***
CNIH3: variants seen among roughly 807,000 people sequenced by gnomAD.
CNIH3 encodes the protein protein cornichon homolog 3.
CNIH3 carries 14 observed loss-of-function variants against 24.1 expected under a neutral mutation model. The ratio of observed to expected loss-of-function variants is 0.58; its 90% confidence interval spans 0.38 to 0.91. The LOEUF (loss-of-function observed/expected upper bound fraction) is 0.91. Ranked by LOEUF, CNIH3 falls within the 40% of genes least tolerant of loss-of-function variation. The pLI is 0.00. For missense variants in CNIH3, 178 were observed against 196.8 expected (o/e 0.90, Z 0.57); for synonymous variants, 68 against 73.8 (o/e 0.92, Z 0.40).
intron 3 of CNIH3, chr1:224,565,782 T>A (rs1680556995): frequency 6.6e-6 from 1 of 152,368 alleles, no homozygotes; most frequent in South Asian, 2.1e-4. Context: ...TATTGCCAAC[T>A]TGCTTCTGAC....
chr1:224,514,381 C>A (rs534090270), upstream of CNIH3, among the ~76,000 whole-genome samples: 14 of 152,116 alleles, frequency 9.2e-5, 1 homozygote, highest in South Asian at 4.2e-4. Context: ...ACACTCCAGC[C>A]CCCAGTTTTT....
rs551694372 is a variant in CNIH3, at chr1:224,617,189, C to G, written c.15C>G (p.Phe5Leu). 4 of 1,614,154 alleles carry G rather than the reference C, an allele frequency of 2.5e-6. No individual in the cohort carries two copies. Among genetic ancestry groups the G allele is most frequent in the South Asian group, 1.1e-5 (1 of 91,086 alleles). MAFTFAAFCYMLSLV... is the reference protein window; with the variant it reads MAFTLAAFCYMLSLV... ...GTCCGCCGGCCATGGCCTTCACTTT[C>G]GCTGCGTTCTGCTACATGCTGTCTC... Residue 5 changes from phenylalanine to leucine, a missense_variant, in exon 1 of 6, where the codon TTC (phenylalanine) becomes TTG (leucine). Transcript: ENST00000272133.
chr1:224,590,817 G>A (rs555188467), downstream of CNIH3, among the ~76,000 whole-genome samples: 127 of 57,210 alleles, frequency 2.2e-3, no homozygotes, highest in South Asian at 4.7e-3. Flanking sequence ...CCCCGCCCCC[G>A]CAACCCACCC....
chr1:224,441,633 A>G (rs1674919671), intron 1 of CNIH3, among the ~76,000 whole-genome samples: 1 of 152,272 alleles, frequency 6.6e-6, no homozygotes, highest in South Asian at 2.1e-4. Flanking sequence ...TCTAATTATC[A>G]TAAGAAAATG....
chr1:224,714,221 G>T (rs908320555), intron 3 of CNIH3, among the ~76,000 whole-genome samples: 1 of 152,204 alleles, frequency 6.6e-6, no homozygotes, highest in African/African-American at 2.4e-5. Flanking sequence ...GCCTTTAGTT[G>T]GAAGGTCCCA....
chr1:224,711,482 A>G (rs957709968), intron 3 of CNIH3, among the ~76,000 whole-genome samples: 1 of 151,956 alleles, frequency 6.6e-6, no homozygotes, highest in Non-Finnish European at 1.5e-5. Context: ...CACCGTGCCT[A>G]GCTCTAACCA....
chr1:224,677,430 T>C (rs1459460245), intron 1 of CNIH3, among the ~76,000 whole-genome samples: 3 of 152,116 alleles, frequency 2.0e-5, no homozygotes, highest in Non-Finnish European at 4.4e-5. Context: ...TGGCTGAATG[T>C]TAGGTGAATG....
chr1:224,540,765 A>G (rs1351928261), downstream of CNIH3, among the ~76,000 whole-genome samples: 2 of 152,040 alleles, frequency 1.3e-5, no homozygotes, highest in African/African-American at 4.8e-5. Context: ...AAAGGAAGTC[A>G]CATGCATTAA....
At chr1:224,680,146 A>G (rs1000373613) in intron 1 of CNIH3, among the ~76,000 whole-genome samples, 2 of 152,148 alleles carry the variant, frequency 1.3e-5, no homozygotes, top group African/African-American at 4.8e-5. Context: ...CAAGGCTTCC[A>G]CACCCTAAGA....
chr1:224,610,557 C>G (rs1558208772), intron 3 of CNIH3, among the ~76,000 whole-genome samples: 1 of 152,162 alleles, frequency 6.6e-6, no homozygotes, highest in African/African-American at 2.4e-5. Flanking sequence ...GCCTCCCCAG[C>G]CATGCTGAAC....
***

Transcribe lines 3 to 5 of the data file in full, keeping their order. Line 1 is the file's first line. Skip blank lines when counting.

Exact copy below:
CNIH3 carries 14 observed loss-of-function variants against 24.1 expected under a neutral mutation model. The ratio of observed to expected loss-of-function variants is 0.58; its 90% confidence interval spans 0.38 to 0.91. The LOEUF (loss-of-function observed/expected upper bound fraction) is 0.91. Ranked by LOEUF, CNIH3 falls within the 40% of genes least tolerant of loss-of-function variation. The pLI is 0.00. For missense variants in CNIH3, 178 were observed against 196.8 expected (o/e 0.90, Z 0.57); for synonymous variants, 68 against 73.8 (o/e 0.92, Z 0.40).
intron 3 of CNIH3, chr1:224,565,782 T>A (rs1680556995): frequency 6.6e-6 from 1 of 152,368 alleles, no homozygotes; most frequent in South Asian, 2.1e-4. Context: ...TATTGCCAAC[T>A]TGCTTCTGAC....
chr1:224,514,381 C>A (rs534090270), upstream of CNIH3, among the ~76,000 whole-genome samples: 14 of 152,116 alleles, frequency 9.2e-5, 1 homozygote, highest in South Asian at 4.2e-4. Context: ...ACACTCCAGC[C>A]CCCAGTTTTT....